Former student now working at a major UK airport

Modules

Example Year 1 modules include:

Air Cargo Services and Operations (core, 15 credits)
Introduction to Transport Economics (core, 30 credits)
Introduction to the Aviation System (core, 30 credits)
Marketing for Aviation and Creative Industries (core, 30 credits)
Statistics for Travel and Tourism (core, 15 credits)

Example Year 2 modules include:

Corporate Airline Planning and Development (core, 30 credits)
Safety, Security and Psychology for Aviation Systems (core, 30 credits)
Skills, Methods and Analysis (core, 15 credits)
Sustainability, Business and Responsibility (core, 15 credits)
Creating a Winning Business 1 (alternative core, 15 credits)
Learning through Work (alternative core, 15 credits)
Applied Research with Field Course (option, 15 credits)
Aviation and The Environment (option, 15 credits)

Example Year 3 modules include:

Commercial Challenges for Aviation (core, 30 credits)
Financial Management for Aviation (core, 15 credits)
Research Methods for Dissertations and Consultancy Project (core, 30 credits)
Creating a Winning Business 2 (alternative core, 15 credits)
Learning through Work 2 (alternative core, 15 credits)
Professional Experience Year Placement (option, 30 credits)
Project Management (option, 15 credits)
Risk Management and Business Continuity (option, 15 credits)
Strategy in Tourism and Travel (option, 15 credits)

Assessment methods

You'll be assessed through written coursework, oral presentations, individual and group research projects, portfolio work, problem-solving case studies and a final research project of 8,000 words.

Tuition fees

Select where you currently live to see what you'll pay:

Channel Islands
£9,250
per year
England
£9,250
per year
EU
£9,250
per year
International
£12,700
per year
Northern Ireland
£9,250
per year
Scotland
£9,250
per year
Wales
£9,250
per year

The Uni


Course location:

Holloway

Department:

Business and Management

TEF rating:

Calculate your living costs

See how much you'll need to live on at your chosen university, with our student budget calculator.

See your living costs
Read full university profile

What students say


How do students rate their degree experience?

The stats below relate to the general subject area/s at this university, not this specific course. We show this where there isn’t enough data about the course, or where this is the most detailed info available to us.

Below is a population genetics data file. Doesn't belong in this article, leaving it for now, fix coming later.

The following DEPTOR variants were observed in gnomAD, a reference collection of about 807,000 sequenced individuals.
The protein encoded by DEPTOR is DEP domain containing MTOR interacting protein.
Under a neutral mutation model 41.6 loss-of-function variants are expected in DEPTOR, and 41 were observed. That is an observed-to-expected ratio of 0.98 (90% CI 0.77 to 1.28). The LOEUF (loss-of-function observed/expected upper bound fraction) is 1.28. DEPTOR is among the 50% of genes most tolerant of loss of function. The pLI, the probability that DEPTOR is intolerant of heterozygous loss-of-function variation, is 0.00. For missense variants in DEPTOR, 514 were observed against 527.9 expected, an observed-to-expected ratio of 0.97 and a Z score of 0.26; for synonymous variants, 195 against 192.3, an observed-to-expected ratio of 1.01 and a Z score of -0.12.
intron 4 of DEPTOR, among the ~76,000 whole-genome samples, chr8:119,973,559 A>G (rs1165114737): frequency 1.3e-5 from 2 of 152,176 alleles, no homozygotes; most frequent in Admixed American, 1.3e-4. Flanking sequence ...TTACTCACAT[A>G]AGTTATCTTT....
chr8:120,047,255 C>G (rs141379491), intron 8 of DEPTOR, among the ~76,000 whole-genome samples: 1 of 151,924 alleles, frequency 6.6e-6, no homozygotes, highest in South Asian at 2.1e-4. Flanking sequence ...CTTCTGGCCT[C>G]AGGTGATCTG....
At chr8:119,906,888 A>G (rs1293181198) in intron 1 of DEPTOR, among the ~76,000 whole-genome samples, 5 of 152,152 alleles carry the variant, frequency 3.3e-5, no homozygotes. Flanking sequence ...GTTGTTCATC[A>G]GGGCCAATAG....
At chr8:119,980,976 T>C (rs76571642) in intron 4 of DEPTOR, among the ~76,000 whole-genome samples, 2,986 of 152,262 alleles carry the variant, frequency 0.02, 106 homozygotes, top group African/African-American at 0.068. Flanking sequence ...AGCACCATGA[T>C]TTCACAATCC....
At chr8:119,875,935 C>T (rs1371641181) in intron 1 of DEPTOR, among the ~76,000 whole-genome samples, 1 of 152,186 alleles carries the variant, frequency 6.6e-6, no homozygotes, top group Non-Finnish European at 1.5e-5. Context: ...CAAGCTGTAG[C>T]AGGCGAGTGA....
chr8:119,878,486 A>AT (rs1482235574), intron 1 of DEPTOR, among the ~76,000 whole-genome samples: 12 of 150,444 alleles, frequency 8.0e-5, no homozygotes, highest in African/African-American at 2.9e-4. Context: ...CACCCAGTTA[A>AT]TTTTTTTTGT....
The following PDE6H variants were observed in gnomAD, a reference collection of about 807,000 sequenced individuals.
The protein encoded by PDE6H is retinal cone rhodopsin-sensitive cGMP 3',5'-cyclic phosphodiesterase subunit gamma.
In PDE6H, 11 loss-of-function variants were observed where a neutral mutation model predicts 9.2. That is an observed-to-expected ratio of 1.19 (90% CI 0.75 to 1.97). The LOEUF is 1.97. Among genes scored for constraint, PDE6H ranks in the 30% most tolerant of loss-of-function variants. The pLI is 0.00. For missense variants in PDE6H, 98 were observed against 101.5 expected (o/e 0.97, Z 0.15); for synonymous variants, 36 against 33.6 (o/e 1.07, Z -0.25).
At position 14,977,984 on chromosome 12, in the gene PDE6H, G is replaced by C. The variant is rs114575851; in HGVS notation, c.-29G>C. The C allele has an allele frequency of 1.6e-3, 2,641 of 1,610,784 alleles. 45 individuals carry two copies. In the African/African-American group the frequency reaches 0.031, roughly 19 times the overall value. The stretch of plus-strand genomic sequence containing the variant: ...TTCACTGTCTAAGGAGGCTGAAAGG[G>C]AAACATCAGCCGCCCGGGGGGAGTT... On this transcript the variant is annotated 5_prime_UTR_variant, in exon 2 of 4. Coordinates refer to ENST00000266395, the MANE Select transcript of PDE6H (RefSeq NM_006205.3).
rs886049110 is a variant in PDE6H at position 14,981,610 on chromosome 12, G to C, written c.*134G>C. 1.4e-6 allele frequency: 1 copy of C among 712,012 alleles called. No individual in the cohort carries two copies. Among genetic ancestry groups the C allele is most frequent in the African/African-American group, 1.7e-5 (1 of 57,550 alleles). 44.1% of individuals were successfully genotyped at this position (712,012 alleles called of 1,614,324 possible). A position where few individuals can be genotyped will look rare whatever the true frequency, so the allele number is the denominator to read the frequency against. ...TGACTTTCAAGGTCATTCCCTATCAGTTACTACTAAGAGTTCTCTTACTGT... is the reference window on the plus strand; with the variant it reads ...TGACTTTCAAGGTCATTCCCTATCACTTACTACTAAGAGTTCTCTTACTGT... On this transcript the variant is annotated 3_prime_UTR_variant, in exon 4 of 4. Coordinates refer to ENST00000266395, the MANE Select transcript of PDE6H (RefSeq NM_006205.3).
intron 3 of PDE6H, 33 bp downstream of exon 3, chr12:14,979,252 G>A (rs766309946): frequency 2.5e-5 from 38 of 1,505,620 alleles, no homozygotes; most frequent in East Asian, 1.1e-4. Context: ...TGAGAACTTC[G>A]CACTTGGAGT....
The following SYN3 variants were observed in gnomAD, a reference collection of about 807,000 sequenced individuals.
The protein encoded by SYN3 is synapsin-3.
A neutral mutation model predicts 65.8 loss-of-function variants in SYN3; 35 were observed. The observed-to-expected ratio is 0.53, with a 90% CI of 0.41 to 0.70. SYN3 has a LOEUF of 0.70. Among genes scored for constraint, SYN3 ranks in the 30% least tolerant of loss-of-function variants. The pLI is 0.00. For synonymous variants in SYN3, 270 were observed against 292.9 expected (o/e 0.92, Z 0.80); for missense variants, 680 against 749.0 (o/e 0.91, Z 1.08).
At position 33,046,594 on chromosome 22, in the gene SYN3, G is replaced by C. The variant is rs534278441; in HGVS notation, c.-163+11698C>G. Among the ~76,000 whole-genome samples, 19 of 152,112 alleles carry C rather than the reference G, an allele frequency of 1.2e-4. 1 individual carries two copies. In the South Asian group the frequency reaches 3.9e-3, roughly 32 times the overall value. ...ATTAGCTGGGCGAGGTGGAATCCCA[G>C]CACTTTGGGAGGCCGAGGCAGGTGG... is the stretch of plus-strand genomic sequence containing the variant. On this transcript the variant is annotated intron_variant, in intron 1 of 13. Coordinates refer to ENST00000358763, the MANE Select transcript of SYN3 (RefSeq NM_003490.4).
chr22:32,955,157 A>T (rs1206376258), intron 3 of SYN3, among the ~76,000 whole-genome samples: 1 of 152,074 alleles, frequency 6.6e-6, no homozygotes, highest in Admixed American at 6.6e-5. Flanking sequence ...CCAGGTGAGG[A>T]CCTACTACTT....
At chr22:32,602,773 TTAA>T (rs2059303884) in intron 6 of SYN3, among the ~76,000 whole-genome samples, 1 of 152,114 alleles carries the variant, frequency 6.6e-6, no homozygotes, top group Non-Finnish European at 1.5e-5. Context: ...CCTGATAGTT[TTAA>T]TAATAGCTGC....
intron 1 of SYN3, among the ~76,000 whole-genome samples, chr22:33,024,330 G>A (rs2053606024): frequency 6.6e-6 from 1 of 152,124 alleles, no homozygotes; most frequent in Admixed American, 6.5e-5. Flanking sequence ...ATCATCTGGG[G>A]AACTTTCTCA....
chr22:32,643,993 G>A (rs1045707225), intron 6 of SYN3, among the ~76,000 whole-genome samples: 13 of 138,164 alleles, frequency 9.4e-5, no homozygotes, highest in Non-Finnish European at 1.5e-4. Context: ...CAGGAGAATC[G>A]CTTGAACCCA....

Architecture, building and planning

Sorry, no information to show

This is usually because there were too few respondents in the data we receive to be able to provide results about the subject at this university.


Who studies this subject and how do they get on?

97%
UK students
3%
International students
40%
Male students
60%
Female students
67%
2:1 or above
22%
Drop out rate

After graduation


The stats in this section relate to the general subject area/s at this university – not this specific course. We show this where there isn't enough data about the course, or where this is the most detailed info available to us.

Planning (urban, rural and regional)

What are graduates doing after six months?

This is what graduates told us they were doing (and earning), shortly after completing their course. We've crunched the numbers to show you if these immediate prospects are high, medium or low, compared to those studying this subject/s at other universities.

£22,000
med
Average annual salary
94%
med
Employed or in further education
60%
med
Employed in a role where degree was essential or beneficial

Top job areas of graduates

What do graduate employment figures really tell you?

This subject includes degrees in urban studies and housing as well as planning qualifications. Be a little careful when looking at the stats, as most jobs in planning, especially in town planning, go to Masters students in the subject — planning is a very popular Master's degree (and even then we don't actually have enough graduates to meet employer demand). So if you want a job in planning, expect to stay on at university after you have finished your first degree. First degree graduates in planning are more likely to start working in surveying than planning roles - although that is partly down to our serious shortage of surveyors. This all adds up to a subject that is in demand - but do keep a look out for work experience opportunities to make your good prospects even better.